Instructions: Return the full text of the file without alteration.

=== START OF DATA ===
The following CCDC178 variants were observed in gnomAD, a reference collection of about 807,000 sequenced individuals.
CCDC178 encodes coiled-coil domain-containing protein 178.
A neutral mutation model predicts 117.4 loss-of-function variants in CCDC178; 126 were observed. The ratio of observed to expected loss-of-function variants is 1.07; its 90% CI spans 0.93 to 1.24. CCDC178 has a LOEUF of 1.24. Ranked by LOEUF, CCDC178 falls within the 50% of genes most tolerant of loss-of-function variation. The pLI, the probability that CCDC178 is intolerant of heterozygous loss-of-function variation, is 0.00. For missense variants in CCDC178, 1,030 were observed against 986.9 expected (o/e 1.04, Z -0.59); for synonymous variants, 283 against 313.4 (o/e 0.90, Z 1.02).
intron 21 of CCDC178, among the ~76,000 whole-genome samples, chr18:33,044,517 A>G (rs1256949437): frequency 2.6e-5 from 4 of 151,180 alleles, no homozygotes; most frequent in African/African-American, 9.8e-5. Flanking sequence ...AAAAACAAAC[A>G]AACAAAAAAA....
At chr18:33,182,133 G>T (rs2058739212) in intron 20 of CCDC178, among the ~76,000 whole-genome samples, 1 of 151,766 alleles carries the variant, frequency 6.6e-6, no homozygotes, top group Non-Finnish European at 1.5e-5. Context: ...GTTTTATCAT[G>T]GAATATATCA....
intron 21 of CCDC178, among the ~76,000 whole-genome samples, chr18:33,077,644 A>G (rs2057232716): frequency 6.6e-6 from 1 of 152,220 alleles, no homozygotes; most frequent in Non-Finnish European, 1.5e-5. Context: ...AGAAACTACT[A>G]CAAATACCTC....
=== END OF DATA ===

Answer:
The following CCDC178 variants were observed in gnomAD, a reference collection of about 807,000 sequenced individuals.
CCDC178 encodes coiled-coil domain-containing protein 178.
A neutral mutation model predicts 117.4 loss-of-function variants in CCDC178; 126 were observed. The ratio of observed to expected loss-of-function variants is 1.07; its 90% CI spans 0.93 to 1.24. CCDC178 has a LOEUF of 1.24. Ranked by LOEUF, CCDC178 falls within the 50% of genes most tolerant of loss-of-function variation. The pLI, the probability that CCDC178 is intolerant of heterozygous loss-of-function variation, is 0.00. For missense variants in CCDC178, 1,030 were observed against 986.9 expected (o/e 1.04, Z -0.59); for synonymous variants, 283 against 313.4 (o/e 0.90, Z 1.02).
intron 21 of CCDC178, among the ~76,000 whole-genome samples, chr18:33,044,517 A>G (rs1256949437): frequency 2.6e-5 from 4 of 151,180 alleles, no homozygotes; most frequent in African/African-American, 9.8e-5. Flanking sequence ...AAAAACAAAC[A>G]AACAAAAAAA....
At chr18:33,182,133 G>T (rs2058739212) in intron 20 of CCDC178, among the ~76,000 whole-genome samples, 1 of 151,766 alleles carries the variant, frequency 6.6e-6, no homozygotes, top group Non-Finnish European at 1.5e-5. Context: ...GTTTTATCAT[G>T]GAATATATCA....
intron 21 of CCDC178, among the ~76,000 whole-genome samples, chr18:33,077,644 A>G (rs2057232716): frequency 6.6e-6 from 1 of 152,220 alleles, no homozygotes; most frequent in Non-Finnish European, 1.5e-5. Context: ...AGAAACTACT[A>G]CAAATACCTC....